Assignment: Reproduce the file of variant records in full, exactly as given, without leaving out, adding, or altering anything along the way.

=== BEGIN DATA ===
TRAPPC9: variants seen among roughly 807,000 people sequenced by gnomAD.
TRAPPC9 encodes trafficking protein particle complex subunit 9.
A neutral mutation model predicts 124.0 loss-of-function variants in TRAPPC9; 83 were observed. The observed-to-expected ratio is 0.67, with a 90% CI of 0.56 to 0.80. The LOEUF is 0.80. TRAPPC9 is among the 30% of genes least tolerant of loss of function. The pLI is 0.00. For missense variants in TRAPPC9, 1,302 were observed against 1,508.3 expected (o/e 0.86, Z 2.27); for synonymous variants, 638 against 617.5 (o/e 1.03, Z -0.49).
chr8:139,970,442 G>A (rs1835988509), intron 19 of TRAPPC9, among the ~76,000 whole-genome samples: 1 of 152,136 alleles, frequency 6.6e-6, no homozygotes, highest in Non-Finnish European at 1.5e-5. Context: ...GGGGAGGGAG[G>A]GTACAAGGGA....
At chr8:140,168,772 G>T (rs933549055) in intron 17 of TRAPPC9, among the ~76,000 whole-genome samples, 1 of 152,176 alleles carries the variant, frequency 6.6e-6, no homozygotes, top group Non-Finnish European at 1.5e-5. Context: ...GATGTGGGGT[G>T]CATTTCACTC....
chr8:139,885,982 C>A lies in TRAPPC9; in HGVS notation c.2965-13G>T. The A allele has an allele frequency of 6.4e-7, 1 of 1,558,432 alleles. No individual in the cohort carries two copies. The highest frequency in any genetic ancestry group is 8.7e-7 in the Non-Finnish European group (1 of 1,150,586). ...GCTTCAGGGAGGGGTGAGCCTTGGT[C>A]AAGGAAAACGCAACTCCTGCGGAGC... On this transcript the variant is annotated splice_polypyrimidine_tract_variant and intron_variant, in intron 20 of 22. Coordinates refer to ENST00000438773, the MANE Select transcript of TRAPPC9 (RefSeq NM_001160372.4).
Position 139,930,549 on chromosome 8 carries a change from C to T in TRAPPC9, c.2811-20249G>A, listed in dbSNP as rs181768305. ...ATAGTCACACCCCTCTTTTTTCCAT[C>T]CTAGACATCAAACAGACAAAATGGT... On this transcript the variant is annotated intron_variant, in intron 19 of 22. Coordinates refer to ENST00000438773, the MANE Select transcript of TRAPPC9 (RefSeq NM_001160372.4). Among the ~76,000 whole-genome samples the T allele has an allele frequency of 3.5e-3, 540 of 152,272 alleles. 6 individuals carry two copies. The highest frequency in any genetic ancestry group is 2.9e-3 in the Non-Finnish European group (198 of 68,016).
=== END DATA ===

TRAPPC9: variants seen among roughly 807,000 people sequenced by gnomAD.
TRAPPC9 encodes trafficking protein particle complex subunit 9.
A neutral mutation model predicts 124.0 loss-of-function variants in TRAPPC9; 83 were observed. The observed-to-expected ratio is 0.67, with a 90% CI of 0.56 to 0.80. The LOEUF is 0.80. TRAPPC9 is among the 30% of genes least tolerant of loss of function. The pLI is 0.00. For missense variants in TRAPPC9, 1,302 were observed against 1,508.3 expected (o/e 0.86, Z 2.27); for synonymous variants, 638 against 617.5 (o/e 1.03, Z -0.49).
chr8:139,970,442 G>A (rs1835988509), intron 19 of TRAPPC9, among the ~76,000 whole-genome samples: 1 of 152,136 alleles, frequency 6.6e-6, no homozygotes, highest in Non-Finnish European at 1.5e-5. Context: ...GGGGAGGGAG[G>A]GTACAAGGGA....
At chr8:140,168,772 G>T (rs933549055) in intron 17 of TRAPPC9, among the ~76,000 whole-genome samples, 1 of 152,176 alleles carries the variant, frequency 6.6e-6, no homozygotes, top group Non-Finnish European at 1.5e-5. Context: ...GATGTGGGGT[G>T]CATTTCACTC....
chr8:139,885,982 C>A lies in TRAPPC9; in HGVS notation c.2965-13G>T. The A allele has an allele frequency of 6.4e-7, 1 of 1,558,432 alleles. No individual in the cohort carries two copies. The highest frequency in any genetic ancestry group is 8.7e-7 in the Non-Finnish European group (1 of 1,150,586). ...GCTTCAGGGAGGGGTGAGCCTTGGT[C>A]AAGGAAAACGCAACTCCTGCGGAGC... On this transcript the variant is annotated splice_polypyrimidine_tract_variant and intron_variant, in intron 20 of 22. Coordinates refer to ENST00000438773, the MANE Select transcript of TRAPPC9 (RefSeq NM_001160372.4).
Position 139,930,549 on chromosome 8 carries a change from C to T in TRAPPC9, c.2811-20249G>A, listed in dbSNP as rs181768305. ...ATAGTCACACCCCTCTTTTTTCCAT[C>T]CTAGACATCAAACAGACAAAATGGT... On this transcript the variant is annotated intron_variant, in intron 19 of 22. Coordinates refer to ENST00000438773, the MANE Select transcript of TRAPPC9 (RefSeq NM_001160372.4). Among the ~76,000 whole-genome samples the T allele has an allele frequency of 3.5e-3, 540 of 152,272 alleles. 6 individuals carry two copies. The highest frequency in any genetic ancestry group is 2.9e-3 in the Non-Finnish European group (198 of 68,016).